The ‘settlement movement’
Settlement (as the English word is used as technical term borrowed by the Hungarian language) is one of the oldest forerunners of the socialised institutional mode of operation. A ‘settlement’ could today be described, on the one hand, as a community development centre and on the other hand, as a multifunctional integrated human public service provider institution.
The most important examples include the Toynbee Hall in the East End of London (1884) or Hull House of Chicago (1889), or, in Hungary, the initiative called Újpesti Szociális Főiskolai Telep (social college settlement in the village of Újpest) (1914-1949). The latter was launched as an institution fulfilling a true intellectual vocation with the aim of “raising” and “educating” the “working class”, enabling university students to do field work to “reconcile” social classes. It took the approach of establishing social institutions where poor people lived and it involved university students and volunteers in its activities. Voluntary activities played a major role in the operation of the institution in Újpest as well, because it had little funding for paying staff members; therefore in its activities it involved teachers, professionals and tradesmen (e.g. for teaching housekeeping subjects) along with young people with social sensitiveness wishing to work for the benefit of others. The requisites for social advancement were provided by the General People Protection Department (its units: people’s office, family patronage, youth patronage, trainee and employment exchange), the Public Education Department (its units: people’s library, workers reading community, general knowledge dissemination lectures, training courses and seminars, children’s daycare home, trainee young men’s and women’s and workers’ circles, scouts) and the Social Health Agency (its units: pulmonary and venereal clinic and doctors’ office, bacteriology and X-ray laboratory). In the caregiver, people’s education and health activities professionals were joined by university and college students, practical field workers and volunteers.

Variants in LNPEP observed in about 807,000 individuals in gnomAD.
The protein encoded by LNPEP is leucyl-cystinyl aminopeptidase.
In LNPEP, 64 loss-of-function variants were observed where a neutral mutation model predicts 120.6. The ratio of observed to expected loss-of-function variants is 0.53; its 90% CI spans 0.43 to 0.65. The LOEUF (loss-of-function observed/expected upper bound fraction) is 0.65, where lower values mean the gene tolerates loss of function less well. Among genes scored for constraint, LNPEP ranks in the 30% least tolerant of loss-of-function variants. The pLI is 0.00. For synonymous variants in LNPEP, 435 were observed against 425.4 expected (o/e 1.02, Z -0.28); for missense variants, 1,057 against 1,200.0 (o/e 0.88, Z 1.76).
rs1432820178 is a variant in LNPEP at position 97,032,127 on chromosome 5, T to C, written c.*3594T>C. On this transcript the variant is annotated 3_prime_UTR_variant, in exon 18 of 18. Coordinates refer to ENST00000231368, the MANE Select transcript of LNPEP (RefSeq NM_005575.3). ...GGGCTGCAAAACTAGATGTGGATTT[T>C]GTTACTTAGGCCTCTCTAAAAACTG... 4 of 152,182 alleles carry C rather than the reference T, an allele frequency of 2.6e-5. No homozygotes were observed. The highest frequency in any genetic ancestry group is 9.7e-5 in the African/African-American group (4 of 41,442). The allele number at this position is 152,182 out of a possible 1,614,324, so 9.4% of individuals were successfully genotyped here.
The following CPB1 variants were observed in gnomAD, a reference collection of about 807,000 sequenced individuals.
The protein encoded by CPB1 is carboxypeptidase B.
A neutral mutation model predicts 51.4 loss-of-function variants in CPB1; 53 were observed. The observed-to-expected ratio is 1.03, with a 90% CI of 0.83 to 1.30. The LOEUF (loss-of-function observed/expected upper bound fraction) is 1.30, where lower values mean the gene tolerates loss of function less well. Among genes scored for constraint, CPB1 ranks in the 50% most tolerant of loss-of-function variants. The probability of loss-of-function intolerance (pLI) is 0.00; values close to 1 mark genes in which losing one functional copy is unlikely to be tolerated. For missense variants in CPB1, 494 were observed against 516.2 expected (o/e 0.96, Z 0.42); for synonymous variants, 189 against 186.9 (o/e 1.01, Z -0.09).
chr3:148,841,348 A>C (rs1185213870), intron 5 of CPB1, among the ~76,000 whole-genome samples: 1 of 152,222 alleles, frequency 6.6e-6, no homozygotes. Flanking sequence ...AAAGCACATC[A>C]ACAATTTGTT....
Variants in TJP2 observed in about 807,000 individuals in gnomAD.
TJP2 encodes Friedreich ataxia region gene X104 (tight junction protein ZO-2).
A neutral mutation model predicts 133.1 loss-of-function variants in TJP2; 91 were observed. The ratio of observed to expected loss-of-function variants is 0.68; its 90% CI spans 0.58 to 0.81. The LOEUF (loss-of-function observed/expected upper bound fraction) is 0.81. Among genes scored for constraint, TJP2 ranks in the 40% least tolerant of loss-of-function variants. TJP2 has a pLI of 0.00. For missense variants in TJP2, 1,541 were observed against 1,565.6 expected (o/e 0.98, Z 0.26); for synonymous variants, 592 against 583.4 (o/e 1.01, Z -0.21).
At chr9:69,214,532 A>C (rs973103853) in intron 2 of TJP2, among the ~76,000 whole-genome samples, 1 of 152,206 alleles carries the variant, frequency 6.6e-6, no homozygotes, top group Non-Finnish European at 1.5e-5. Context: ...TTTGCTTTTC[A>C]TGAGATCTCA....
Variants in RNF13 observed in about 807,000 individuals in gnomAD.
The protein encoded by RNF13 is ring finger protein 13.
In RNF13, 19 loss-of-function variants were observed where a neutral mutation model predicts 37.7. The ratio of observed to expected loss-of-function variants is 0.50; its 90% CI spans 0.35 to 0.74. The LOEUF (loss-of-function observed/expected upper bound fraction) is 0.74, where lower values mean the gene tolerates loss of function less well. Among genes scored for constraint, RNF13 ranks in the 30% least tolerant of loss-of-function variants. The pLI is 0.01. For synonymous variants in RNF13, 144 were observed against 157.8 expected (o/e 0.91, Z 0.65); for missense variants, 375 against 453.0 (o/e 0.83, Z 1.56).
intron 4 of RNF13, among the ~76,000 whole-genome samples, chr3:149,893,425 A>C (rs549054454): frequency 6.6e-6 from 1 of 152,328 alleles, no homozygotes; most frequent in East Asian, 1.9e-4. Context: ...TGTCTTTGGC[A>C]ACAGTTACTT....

This article based on the following document:
Socialized Operation of Cultural Institutions : A methodological guide to community-based operation